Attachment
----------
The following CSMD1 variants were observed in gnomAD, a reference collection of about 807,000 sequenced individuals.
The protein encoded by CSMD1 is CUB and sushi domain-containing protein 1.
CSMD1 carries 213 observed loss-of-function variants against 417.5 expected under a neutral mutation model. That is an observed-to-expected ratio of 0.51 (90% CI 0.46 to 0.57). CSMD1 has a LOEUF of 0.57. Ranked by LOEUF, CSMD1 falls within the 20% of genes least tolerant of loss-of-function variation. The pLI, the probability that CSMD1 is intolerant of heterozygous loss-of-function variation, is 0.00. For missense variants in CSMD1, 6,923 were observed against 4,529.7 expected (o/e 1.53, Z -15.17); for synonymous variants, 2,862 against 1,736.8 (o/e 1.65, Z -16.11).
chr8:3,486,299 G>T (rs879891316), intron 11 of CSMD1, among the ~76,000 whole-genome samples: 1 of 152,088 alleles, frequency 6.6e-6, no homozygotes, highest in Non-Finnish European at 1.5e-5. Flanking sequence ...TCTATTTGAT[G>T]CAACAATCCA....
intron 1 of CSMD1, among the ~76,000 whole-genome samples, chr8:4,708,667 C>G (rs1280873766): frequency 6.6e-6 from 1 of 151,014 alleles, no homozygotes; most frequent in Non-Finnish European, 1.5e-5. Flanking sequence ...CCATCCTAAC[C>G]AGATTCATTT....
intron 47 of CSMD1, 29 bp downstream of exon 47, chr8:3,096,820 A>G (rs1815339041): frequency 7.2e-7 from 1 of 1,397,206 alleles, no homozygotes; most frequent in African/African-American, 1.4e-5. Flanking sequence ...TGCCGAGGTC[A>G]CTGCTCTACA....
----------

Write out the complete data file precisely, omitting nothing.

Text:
The following CSMD1 variants were observed in gnomAD, a reference collection of about 807,000 sequenced individuals.
The protein encoded by CSMD1 is CUB and sushi domain-containing protein 1.
CSMD1 carries 213 observed loss-of-function variants against 417.5 expected under a neutral mutation model. That is an observed-to-expected ratio of 0.51 (90% CI 0.46 to 0.57). CSMD1 has a LOEUF of 0.57. Ranked by LOEUF, CSMD1 falls within the 20% of genes least tolerant of loss-of-function variation. The pLI, the probability that CSMD1 is intolerant of heterozygous loss-of-function variation, is 0.00. For missense variants in CSMD1, 6,923 were observed against 4,529.7 expected (o/e 1.53, Z -15.17); for synonymous variants, 2,862 against 1,736.8 (o/e 1.65, Z -16.11).
chr8:3,486,299 G>T (rs879891316), intron 11 of CSMD1, among the ~76,000 whole-genome samples: 1 of 152,088 alleles, frequency 6.6e-6, no homozygotes, highest in Non-Finnish European at 1.5e-5. Flanking sequence ...TCTATTTGAT[G>T]CAACAATCCA....
intron 1 of CSMD1, among the ~76,000 whole-genome samples, chr8:4,708,667 C>G (rs1280873766): frequency 6.6e-6 from 1 of 151,014 alleles, no homozygotes; most frequent in Non-Finnish European, 1.5e-5. Flanking sequence ...CCATCCTAAC[C>G]AGATTCATTT....
intron 47 of CSMD1, 29 bp downstream of exon 47, chr8:3,096,820 A>G (rs1815339041): frequency 7.2e-7 from 1 of 1,397,206 alleles, no homozygotes; most frequent in African/African-American, 1.4e-5. Flanking sequence ...TGCCGAGGTC[A>G]CTGCTCTACA....